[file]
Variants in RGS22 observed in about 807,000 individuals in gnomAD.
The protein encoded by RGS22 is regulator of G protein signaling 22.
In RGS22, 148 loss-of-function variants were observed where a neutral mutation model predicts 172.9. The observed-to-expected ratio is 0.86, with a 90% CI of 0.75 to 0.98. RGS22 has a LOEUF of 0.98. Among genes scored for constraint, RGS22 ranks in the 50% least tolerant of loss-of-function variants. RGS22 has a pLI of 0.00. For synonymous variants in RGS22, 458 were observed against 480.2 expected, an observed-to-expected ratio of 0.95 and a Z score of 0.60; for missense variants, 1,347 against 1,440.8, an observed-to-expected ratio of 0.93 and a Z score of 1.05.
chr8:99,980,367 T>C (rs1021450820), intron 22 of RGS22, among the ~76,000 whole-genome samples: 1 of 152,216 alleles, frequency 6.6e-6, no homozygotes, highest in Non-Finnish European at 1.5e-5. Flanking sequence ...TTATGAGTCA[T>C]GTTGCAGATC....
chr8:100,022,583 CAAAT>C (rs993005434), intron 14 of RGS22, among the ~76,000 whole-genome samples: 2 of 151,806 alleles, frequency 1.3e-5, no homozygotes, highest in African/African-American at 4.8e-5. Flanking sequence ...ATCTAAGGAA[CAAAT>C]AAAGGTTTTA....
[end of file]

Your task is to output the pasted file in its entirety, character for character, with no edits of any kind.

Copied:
Variants in RGS22 observed in about 807,000 individuals in gnomAD.
The protein encoded by RGS22 is regulator of G protein signaling 22.
In RGS22, 148 loss-of-function variants were observed where a neutral mutation model predicts 172.9. The observed-to-expected ratio is 0.86, with a 90% CI of 0.75 to 0.98. RGS22 has a LOEUF of 0.98. Among genes scored for constraint, RGS22 ranks in the 50% least tolerant of loss-of-function variants. RGS22 has a pLI of 0.00. For synonymous variants in RGS22, 458 were observed against 480.2 expected, an observed-to-expected ratio of 0.95 and a Z score of 0.60; for missense variants, 1,347 against 1,440.8, an observed-to-expected ratio of 0.93 and a Z score of 1.05.
chr8:99,980,367 T>C (rs1021450820), intron 22 of RGS22, among the ~76,000 whole-genome samples: 1 of 152,216 alleles, frequency 6.6e-6, no homozygotes, highest in Non-Finnish European at 1.5e-5. Flanking sequence ...TTATGAGTCA[T>C]GTTGCAGATC....
chr8:100,022,583 CAAAT>C (rs993005434), intron 14 of RGS22, among the ~76,000 whole-genome samples: 2 of 151,806 alleles, frequency 1.3e-5, no homozygotes, highest in African/African-American at 4.8e-5. Flanking sequence ...ATCTAAGGAA[CAAAT>C]AAAGGTTTTA....